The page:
Tuesday, July 07, 2009

Marriage, Affairs & Economics



On my day off I usually like to read through many of the news publications that I don't often have time to read. Time, Newsweek, and the like. There was a particularly interesting article, at Time, that caught my attention. It is about the state of the American marriage.

I found this to be interesting because as I was reading other news about the various senators and their extramarital affairs it got me thinking.
How much easier it is for these guys, who have unlimited funds to find easy ways, and have the funds to do so, cheat and do it for longer periods of time and not get caught.

Now, bear with me here, I am not thinking about it myself, but just realized how much harder it would be for the poorer of us to find ways to do such a thing. In order to cheat you must be able to go places, where you think you can not be discovered and when finances are quite limited that is not an option. One must have various electronic gadgets to communicate with said dalliance and if you are poor you might just have a basic cell phone with limited technology. Yes, technology would also seem to be important when one is considering an affair.

You must also have the ability to travel and/or get to out of the way places or countries where you risk less chance of being seen by friends, neighbors and colleagues. This would require sums of money. When one is barley able to afford McDonalds or a cheap bottle of wine getting out of town, let alone out of the country, city, or state, is out of the question.

What is the point? The Time article asks the question why do people still get married. It's not like it was in the old days when people were in arranged marriages, or needed to have many children to toil and till the family farm. Today you can choose to live together without the legal ties of marriage.

"The fundamental question we must ask ourselves at the beginning of the century is this: What is the purpose of marriage? Is it — given the game-changing realities of birth control, female equality and the fact that motherhood outside of marriage is no longer stigmatized — simply an institution that has the capacity to increase the pleasure of the adults who enter into it? If so, we might as well hold the wake now: there probably aren't many people whose idea of 24-hour-a-day good times consists of being yoked to the same romantic partner, through bouts of stomach flu and depression, financial setbacks and emotional upsets, until after many a long decade, one or the other eventually dies in harness.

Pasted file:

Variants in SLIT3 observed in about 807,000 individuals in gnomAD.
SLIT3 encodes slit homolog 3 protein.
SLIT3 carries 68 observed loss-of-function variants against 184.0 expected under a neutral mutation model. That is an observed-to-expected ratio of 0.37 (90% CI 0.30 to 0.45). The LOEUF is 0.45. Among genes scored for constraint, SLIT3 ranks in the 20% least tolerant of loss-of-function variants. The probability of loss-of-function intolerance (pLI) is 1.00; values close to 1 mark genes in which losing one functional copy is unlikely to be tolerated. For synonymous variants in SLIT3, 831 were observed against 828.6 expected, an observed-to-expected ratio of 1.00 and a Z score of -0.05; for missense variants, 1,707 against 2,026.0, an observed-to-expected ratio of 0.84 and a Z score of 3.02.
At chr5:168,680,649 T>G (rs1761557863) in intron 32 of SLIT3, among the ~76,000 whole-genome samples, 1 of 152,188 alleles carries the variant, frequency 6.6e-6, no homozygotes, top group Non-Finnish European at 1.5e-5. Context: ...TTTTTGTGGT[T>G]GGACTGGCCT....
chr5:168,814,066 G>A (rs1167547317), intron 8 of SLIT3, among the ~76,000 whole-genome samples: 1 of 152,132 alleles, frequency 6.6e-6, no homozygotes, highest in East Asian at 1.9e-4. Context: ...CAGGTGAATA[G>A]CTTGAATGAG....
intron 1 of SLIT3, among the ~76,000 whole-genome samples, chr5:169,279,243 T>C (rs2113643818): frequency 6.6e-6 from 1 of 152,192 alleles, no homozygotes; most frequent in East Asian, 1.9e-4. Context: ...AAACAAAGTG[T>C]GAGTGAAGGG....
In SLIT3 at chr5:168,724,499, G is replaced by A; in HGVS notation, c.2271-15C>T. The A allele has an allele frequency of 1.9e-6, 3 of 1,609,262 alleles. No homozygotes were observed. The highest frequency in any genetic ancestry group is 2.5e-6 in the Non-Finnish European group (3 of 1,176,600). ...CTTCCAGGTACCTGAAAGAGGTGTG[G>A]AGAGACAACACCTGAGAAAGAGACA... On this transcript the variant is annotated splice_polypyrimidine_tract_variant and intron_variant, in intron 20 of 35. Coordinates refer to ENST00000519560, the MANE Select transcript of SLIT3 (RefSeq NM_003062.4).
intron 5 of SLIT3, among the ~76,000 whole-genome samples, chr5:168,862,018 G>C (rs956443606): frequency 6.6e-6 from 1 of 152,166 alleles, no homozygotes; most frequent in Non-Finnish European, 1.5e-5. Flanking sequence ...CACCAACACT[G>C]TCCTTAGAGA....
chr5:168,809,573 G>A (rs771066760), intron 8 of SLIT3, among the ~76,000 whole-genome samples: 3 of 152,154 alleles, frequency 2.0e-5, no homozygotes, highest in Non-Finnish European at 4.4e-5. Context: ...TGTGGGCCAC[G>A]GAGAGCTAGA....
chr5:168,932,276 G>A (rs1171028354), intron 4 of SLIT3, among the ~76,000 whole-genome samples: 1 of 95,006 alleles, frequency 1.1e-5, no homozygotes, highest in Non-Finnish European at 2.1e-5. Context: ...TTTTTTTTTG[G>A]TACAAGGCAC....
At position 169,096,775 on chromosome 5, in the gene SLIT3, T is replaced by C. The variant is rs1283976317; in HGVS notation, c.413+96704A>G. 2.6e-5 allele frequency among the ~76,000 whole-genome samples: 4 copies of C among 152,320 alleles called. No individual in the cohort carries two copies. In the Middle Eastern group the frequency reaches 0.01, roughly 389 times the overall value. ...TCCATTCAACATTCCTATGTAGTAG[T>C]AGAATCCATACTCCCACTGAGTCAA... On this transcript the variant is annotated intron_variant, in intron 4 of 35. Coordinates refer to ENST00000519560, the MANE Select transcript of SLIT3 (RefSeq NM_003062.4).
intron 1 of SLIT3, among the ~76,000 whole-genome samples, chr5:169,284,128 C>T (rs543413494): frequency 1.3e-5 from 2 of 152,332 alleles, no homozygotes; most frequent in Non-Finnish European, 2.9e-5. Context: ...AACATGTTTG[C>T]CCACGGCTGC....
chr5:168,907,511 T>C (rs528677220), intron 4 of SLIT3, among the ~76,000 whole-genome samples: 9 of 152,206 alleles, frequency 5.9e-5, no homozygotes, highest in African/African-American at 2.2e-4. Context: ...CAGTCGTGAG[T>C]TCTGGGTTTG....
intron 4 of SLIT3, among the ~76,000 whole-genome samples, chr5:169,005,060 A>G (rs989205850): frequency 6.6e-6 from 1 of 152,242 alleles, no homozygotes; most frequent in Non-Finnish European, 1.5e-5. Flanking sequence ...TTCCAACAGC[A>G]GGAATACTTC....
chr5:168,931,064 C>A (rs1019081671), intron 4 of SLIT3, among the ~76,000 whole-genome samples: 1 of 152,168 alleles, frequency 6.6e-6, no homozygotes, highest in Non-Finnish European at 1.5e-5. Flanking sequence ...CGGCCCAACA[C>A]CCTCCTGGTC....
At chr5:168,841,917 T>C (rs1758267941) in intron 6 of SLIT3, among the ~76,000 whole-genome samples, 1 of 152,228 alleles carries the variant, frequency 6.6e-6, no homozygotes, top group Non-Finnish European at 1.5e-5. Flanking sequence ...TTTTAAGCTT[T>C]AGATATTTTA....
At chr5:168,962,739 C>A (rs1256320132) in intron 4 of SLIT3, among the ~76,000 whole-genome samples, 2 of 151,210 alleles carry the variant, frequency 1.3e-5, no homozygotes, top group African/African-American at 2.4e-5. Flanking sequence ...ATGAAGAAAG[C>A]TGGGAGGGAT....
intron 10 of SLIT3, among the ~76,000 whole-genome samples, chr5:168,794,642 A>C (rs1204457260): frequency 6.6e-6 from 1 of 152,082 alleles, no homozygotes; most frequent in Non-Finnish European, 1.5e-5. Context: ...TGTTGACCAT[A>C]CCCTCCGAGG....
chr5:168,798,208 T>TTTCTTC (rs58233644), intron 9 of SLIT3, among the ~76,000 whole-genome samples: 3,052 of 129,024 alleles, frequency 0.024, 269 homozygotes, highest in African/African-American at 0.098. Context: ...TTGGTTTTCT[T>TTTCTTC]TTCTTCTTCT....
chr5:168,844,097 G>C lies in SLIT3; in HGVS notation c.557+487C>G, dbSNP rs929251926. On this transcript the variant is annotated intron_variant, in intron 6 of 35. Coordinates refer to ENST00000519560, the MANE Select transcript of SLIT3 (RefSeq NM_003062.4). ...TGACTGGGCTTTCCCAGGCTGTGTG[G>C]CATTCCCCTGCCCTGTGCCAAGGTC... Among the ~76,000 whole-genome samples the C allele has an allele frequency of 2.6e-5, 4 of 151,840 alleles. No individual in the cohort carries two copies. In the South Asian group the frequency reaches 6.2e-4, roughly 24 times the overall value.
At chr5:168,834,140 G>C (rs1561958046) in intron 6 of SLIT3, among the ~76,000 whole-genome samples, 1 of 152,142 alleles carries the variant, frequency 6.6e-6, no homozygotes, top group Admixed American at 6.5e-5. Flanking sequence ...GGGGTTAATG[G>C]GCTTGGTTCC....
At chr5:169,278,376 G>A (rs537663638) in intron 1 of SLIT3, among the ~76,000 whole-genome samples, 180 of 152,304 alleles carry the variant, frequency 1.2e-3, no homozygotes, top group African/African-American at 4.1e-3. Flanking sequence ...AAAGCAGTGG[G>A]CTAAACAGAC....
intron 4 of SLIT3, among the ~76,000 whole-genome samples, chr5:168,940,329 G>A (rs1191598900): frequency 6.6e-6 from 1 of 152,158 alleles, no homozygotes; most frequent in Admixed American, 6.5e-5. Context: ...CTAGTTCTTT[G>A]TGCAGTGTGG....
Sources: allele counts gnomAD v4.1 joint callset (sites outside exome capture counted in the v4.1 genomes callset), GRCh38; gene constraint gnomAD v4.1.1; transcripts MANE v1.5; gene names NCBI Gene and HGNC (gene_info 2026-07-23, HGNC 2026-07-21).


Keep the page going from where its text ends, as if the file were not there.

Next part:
Or is marriage an institution that still hews to its old intention and function — to raise the next generation, to protect and teach it, to instill in it the habits of conduct and character that will ensure the generation's own safe passage into adulthood? Think of it this way: the current generation of children, the one watching commitments between adults snap like dry twigs and observing parents who simply can't be bothered to marry each other and who hence drift in and out of their children's lives — that's the generation who will be taking care of us when we are old."

I never asked myself that question before John & I got married. This week we will have been together for 16 years. It wasn't for the continuation of a family name, or just to have kids, you don't really have to be married for that. It was because we were both tired of the "dating" scene and wanted someone to "be with". Not someone different every night, week or month. We were both tired of everything else that was out there and now we are beginning to share the other side of life. The part where your crap starts to fall apart and the aches and pains begin. We have also seen each other through several down cycles and poorer times. Another which is due to begin in a few weeks when he returns from what is supposed to be his last job.


We are now so comfortable together that we have become quite similar in thoughts and actions. I am still more outgoing and he more introspective, but the way we react to the outside world is becoming quite the same. Maybe that is what marriage is all about. That the two people involved become really one. Maybe that is why it is so much easier if you do have less in the way of money and possessions. This way you do not yearn for things/people that you do not or can not have. You become happy and content with the things you do have and recognize their intrinsic value as opposed to yearning for the bigger, better or best.


I know many younger people who are still marrying or planning to marry. Yet, many can not tell you why. Aside from the fact that they want the fairy tale wedding or because it is what their parents or God want/expect them to do. I am not sure that I would again. I am not sure that it is even necessary. You can, and I would, still live together within the same boundries that I am living now. There would still be the commitment that I have now. There would just be no legal paper stating that fact. Although that does raise questions of ownership and other misc. if the partner should become ill etc. Insurance is another issue altogether.


No, in this day and age I am not sure that marriage is as important or as necessary as it used to be.

2 comments:

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